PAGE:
Axial characteristics of circular external skeletal fixator single ring constructs

Daniel D. Lewis, Dwight G. Bronson, Alan R. Cross, Robert D. Welch, Paul S. Kubilis

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44 Scopus citations


Objective - Evaluate the effects of varying ring diameter, wire tension, and wire-divergence angle on the axial stiffness characteristics of circular external skeletal fixator single-ring constructs. Study Design - Biomechanical evaluation using circular fixator components and a Delrin cylinder bone model. Methods - Single ring constructs using two 1.6 mm diameter Kirschner wires to secure a 19 mm Delrin cylinder centered within the ring were examined. Component variables evaluated were ring diameter (50 mm, 66 mm, 84 mm, and 118 mm), wire-divergence angle (30°, 60°, and 90°), and wire tension (0 kg, 30 kg, 60 kg, and 90 kg). A total of 48 constructs were examined. Rings were rigidly mounted on a universal testing system and the cylinder loaded in axial compression (7.4 N/s) to 220 N. Load/displacement curves were analyzed to determine the following: the displacement (mm) that occurred before the slope of each load/displacement curve became linear, the stiffness (N/mm) of the linear portion of each load/deformation curve, and the total displacement (mm) produced at maximal load. Least-squares linear regression was used to model response variables as linear functions of ring diameter, wire divergence angle, and wire tension. Three-way interactions and 2-way interactions among independent component variables were evaluated first in the modeling process and included in a best model if response variables were found to have statistically significant regression coefficients. The regression coefficients and corresponding standard errors and covariances were used to estimate the maximal effect and standard error attributable to wire divergency angle (change from 30° to 90°) and wire tension (change from 0 to 90 kg) for each ring diameter. Results - All load/deformation curves had an initial exponential increase in stiffness, with the slope becoming linear at higher loads. The exponential phase was more pronounced in larger-diameter ring constructs and was mitigated by tensioning the wires. Ring diameter had the greatest influence on displacement that occurred before the curve became linear (semipartial r2 [sp-r2] = .89), stiffness (sp-r2 = .94), and total displacement (sp-r2 = .93). Wire tension exerted a smaller influence on displacement that occurred before the curve became linear (sp-r2 = .06), stiffness (sp-r2 = .03), and total displacement (sp-r2 = .05). Wire divergence angle had a nominal effect on displacement that occurred before the curve became linear (sp-r2 = .0001), on stiffness (sp-r2 = .004), and on total displacement (sp-r2 = .003). Conclusions - Ring diameter had a profound effect on the axial stiffness characteristic of single ring constructs. Tensioning of the fixation wires can improve the axial stiffness characteristics of these constructs, particularly in larger diameter ring constructs, by mitigating the initial exponential phase of the load/deformation curve. Wire divergence angle had only a nominal differential effect on axial stability. Clinical Relevance - Understanding how individual component variables and their interactions influence bone segment stability should help surgeons to optimize interfragmentary strain. Tensioning fixation wires is probably unnecessary in 50 mm diameter ring constructs, but assumes greater importance as ring diameter increases.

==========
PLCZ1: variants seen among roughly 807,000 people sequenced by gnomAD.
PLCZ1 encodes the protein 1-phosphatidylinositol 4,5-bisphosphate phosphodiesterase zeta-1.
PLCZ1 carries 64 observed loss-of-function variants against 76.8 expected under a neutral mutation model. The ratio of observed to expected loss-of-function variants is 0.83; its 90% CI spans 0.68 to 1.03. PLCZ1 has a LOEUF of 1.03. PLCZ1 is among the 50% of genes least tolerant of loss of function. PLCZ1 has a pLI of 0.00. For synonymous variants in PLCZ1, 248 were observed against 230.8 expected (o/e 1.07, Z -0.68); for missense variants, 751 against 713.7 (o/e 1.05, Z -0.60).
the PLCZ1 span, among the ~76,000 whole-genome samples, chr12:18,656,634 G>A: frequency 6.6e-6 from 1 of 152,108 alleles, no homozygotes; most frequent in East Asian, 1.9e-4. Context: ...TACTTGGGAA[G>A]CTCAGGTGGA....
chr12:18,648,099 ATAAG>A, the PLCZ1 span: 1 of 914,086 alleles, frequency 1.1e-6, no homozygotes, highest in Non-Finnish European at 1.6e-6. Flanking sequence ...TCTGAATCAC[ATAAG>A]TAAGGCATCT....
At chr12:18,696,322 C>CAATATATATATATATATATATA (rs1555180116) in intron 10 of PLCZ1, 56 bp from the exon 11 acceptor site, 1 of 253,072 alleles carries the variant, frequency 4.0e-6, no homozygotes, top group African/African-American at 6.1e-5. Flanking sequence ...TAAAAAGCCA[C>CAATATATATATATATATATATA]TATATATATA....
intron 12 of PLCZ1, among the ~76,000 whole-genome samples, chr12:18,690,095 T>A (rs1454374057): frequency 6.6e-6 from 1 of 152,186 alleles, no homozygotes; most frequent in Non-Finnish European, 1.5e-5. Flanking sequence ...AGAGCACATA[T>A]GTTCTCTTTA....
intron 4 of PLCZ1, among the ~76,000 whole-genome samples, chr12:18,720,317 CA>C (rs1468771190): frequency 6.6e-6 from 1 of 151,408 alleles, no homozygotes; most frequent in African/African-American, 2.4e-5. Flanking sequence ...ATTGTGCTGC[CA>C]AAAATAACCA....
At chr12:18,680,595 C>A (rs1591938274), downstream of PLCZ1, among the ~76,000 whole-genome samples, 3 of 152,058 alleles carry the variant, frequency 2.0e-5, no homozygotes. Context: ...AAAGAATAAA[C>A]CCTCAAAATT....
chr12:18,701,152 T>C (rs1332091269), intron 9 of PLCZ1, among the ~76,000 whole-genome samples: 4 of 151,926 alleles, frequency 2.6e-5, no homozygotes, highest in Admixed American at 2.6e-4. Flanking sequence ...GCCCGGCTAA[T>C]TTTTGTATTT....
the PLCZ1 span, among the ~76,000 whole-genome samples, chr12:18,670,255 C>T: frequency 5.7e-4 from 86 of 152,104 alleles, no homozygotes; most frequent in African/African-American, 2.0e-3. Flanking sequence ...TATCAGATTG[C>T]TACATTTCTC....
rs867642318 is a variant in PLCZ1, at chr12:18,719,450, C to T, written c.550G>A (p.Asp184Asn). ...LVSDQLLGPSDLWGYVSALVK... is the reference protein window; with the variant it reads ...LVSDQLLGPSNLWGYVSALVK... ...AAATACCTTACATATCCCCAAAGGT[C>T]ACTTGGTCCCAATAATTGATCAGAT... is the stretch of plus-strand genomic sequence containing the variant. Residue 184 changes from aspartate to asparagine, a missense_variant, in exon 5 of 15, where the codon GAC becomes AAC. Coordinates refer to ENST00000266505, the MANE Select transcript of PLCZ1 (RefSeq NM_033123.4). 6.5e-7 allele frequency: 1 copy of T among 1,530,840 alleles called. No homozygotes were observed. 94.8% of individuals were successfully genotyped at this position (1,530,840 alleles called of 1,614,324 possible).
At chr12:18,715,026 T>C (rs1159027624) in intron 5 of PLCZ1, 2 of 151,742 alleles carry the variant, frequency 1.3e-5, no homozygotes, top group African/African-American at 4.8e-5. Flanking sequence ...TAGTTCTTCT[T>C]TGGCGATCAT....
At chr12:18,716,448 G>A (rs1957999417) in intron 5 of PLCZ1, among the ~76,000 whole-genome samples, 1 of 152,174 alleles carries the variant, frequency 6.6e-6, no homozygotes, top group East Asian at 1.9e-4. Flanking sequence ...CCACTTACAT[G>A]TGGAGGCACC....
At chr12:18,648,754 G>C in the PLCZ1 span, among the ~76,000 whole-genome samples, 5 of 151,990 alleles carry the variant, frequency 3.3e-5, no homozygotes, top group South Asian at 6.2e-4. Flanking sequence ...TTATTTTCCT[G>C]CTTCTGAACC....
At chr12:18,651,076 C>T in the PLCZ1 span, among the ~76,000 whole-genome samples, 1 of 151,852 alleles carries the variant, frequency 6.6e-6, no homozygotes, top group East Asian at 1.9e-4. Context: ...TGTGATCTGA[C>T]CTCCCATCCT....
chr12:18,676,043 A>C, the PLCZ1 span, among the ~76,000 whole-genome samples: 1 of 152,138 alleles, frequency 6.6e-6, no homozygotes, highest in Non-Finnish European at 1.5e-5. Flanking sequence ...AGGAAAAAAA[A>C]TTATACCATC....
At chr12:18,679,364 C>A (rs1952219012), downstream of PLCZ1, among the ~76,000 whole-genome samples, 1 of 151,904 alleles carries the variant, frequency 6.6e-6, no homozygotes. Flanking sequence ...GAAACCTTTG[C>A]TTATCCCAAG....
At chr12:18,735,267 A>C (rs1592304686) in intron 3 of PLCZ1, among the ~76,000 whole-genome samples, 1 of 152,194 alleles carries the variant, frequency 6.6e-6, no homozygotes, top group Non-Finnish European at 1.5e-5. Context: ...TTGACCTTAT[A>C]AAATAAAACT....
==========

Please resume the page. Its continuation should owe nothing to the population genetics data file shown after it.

Original languageEnglish (US)
Pages (from-to)386-394
Number of pages9
JournalVeterinary Surgery
Issue number4
Publication statusPublished - Jul 2001


ASJC Scopus subject areas

  • veterinary(all)

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